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At UN, Trump to face questions about Ukraine, Iran, allies

Trump will try to convince skeptical global capitals to help build a coalition to confront Tehran after the United States blamed it for last week’s strike at an oil field in Saudi Arabia.
President Donald Trump speaks during an event with Australian Prime Minister Scott Morrison at Pratt Industries, Sunday, Sept 22, 2019, in Wapakoneta, Ohio. [EVAN VUCCI | AP]
Published Sep. 23

NEW YORK — Faced with growing tumult at home and abroad, President Donald Trump heads into his three-day visit to the United Nations this week hoping to lean on strained alliances while fending off questions about whether he sought foreign help to damage a political rival.

Trump's latest U.N. trip comes after nearly three years of an "America First" foreign policy that has unsettled allies and shredded multinational pacts.

A centerpiece of this year's U.N. schedule will be a Monday session on climate change that Trump plans to skip. Instead, Trump will address a meeting about the persecution of religious minorities, particularly Christians, an issue that resonates with Trump's evangelical supporters.

The Republican president arrived in New York on Sunday against a backdrop of swirling international tensions, including questions about his relationship with Ukraine, the uncertain future of Brexit, the U.S. trade war with China, stalled nuclear negotiations with North Korea and a weakening global economy.

The most immediate challenge maybe Iran.

Trump will try to convince skeptical global capitals to help build a coalition to confront Tehran after the United States blamed it for last week's strike at an oil field in Saudi Arabia.

"Well, I always like a coalition," Trump said Friday, before going on to complain that under the old Iran nuclear deal, "everyone else is making money and we're not."

Trump's fulfillment of a campaign promise to exit the Iran nuclear deal has had wide ripple effects, leading Tehran to bolster its nuclear capabilities and dismaying European capitals who worked to establish the original agreement.

French President Emmanuel Macron, in particular, has been trying to lead Trump back to a deal and has suggested that the U.S. president meet with Iranian leader Hassan Rouhani on the sidelines of the U.N. meetings.

Trump said Sunday that while "nothing is ever off the table completely" he had no intention of meeting with Rouhani.

Tensions between Washington and Tehran spiked after a Saudi Arabia oil field was partially destroyed in an attack that Secretary of State Mike Pompeo blamed on Iran and deemed "an act of war."

Now Trump will try to enlist wary world leaders in a collective effort to contain Iran.

"He needs to win over traditional allies to do what traditional allies do, to band together against common threats," said Jon Alterman of the Center for Strategic and International Studies. "The attacks last weekend in Saudi Arabia are precisely the kind of thing that the U.N. was intended to address, to create rules for international behavior and opportunities for collective action."

Ukraine also looms large on Trump's schedule. Even one week ago, a one-on-one meeting with Ukrainian President Volodymyr Zelenskiy would have been seen largely as an afterthought.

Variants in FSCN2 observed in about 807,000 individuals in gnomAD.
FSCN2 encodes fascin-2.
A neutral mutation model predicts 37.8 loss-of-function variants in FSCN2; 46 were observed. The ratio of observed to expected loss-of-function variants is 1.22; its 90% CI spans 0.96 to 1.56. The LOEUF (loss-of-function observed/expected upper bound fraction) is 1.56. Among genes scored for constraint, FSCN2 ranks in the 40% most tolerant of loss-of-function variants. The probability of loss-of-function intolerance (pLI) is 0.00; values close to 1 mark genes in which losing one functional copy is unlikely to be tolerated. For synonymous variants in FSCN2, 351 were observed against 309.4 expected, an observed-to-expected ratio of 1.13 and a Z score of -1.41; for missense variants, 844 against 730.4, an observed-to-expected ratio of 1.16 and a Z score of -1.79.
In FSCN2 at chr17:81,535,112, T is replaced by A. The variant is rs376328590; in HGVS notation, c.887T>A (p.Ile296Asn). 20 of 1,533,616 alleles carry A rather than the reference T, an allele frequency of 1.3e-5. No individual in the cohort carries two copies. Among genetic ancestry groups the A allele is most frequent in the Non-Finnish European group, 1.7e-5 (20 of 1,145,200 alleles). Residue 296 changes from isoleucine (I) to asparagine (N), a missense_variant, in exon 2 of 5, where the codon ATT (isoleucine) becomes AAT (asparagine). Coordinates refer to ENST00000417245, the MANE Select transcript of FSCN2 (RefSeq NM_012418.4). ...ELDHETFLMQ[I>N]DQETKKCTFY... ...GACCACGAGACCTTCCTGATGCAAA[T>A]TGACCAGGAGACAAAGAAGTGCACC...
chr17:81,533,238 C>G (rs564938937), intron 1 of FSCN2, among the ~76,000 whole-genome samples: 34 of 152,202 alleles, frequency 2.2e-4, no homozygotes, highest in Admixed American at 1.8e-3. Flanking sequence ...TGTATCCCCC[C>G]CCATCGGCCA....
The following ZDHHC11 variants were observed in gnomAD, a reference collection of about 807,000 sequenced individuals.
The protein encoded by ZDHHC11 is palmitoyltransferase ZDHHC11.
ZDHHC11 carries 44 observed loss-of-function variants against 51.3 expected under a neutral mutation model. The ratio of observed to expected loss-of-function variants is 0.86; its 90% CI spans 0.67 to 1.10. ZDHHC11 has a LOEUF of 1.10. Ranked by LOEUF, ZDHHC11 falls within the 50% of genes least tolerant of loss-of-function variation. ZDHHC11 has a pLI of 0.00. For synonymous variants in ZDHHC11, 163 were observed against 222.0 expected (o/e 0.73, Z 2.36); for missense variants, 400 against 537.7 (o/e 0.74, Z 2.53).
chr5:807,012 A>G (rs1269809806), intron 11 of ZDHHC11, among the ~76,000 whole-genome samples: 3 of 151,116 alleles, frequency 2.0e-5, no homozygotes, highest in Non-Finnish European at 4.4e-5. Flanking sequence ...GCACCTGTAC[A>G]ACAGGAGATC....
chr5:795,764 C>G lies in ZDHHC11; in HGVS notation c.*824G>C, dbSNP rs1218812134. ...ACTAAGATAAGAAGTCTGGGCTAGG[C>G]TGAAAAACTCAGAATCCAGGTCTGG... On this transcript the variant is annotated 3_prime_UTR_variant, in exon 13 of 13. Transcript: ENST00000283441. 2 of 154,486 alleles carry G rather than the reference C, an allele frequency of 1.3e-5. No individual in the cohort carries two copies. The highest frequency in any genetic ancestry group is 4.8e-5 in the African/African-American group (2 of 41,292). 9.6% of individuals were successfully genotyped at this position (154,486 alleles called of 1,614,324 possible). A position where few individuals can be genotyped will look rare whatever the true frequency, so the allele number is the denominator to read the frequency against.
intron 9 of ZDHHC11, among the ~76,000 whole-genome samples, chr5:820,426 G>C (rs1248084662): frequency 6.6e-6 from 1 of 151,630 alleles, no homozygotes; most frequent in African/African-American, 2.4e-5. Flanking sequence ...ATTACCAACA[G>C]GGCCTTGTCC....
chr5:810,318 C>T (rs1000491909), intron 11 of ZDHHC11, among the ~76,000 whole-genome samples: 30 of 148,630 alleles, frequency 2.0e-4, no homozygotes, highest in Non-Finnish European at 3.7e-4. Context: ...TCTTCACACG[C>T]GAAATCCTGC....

But Trump's meeting on Wednesday with Zelenskiy will come just days after revelations that the president urged his Ukrainian counterpart in a July phone call to investigate the activities of the son of former Vice President Joe Biden. Trump said he was concerned about corruption; Democrats frame his actions as an effort to pressure Zelenskiy to dig up damaging material on a potential 2020 rival.

That pressure is the subject of a whistleblower's complaint that the administration has refused to turn over to members of Congress, setting up a showdown with Democrats.

Trump is defending himself against the intelligence official's complaint, asserting that it comes from a "partisan whistleblower," though the president also said he doesn't know the whistleblower's identity.

He insisted Sunday his conversation with Zelenskiy was "absolutely perfect." But Democrats believe it shows that Trump is emboldened to seek foreign help for his reelection effort.

There are plenty of other concerns in the mix during Trump's U.N. visit, including the U.S. trade war with China.

But China's Xi Jinping is not expected to attend, nor are several other prominent world leaders, including Russia's Vladimir Putin and Israeli Prime Minister Benjamin Netanyahu.

Among the nations whose leaders Trump plans to meet in New York: Iraq, Poland, Egypt, Pakistan, South Korea, and Japan. He will also meet with British Prime Minister Boris Johnson, clinging to power after failed attempts to steer his nation out of the European Union.

Trump's annual address to the General Assembly is scheduled for Tuesday. Two years ago, he used the moment to deride North Korea's Kim Jong Un as "Little Rocket Man" and threaten to destroy North Korea.

A year ago, he drew laughter when he used his speech to recite his administration's accomplishments.

His theme this year, according to aides, will be to reassert America's determination to uphold its sovereignty and independence, especially on issues of national security.

But others may push a different path.

“There’s an attempt to push back against the unilateralism, against the isolationism, against the populism that has affected not only the United States but other countries as well,” said Jeffrey Feltman of the Brookings Institution. “I don’t know how effective this will be, but it’s an example of how some of our traditional allies are organizing themselves in response to the feeling that the United States, the U.K., that other sort of major engines in the U.N. system no longer are pressing the accelerator.”

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